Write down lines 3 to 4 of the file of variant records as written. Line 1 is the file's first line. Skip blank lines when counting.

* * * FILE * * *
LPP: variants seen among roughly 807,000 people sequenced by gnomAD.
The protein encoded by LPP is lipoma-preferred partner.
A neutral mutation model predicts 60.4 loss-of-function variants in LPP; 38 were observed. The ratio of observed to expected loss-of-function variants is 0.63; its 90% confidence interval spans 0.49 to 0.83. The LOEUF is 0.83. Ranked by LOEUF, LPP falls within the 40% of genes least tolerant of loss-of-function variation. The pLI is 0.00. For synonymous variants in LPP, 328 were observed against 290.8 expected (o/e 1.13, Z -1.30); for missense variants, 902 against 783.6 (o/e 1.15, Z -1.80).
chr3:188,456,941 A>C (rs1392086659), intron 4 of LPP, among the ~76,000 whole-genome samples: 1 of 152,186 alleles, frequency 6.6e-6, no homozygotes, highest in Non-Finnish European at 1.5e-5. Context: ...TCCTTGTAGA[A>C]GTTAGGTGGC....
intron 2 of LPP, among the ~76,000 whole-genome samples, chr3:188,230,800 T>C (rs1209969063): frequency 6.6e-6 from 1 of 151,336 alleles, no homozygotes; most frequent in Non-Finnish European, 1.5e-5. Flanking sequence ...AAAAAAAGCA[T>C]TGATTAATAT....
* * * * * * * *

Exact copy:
A neutral mutation model predicts 60.4 loss-of-function variants in LPP; 38 were observed. The ratio of observed to expected loss-of-function variants is 0.63; its 90% confidence interval spans 0.49 to 0.83. The LOEUF is 0.83. Ranked by LOEUF, LPP falls within the 40% of genes least tolerant of loss-of-function variation. The pLI is 0.00. For synonymous variants in LPP, 328 were observed against 290.8 expected (o/e 1.13, Z -1.30); for missense variants, 902 against 783.6 (o/e 1.15, Z -1.80).
chr3:188,456,941 A>C (rs1392086659), intron 4 of LPP, among the ~76,000 whole-genome samples: 1 of 152,186 alleles, frequency 6.6e-6, no homozygotes, highest in Non-Finnish European at 1.5e-5. Context: ...TCCTTGTAGA[A>C]GTTAGGTGGC....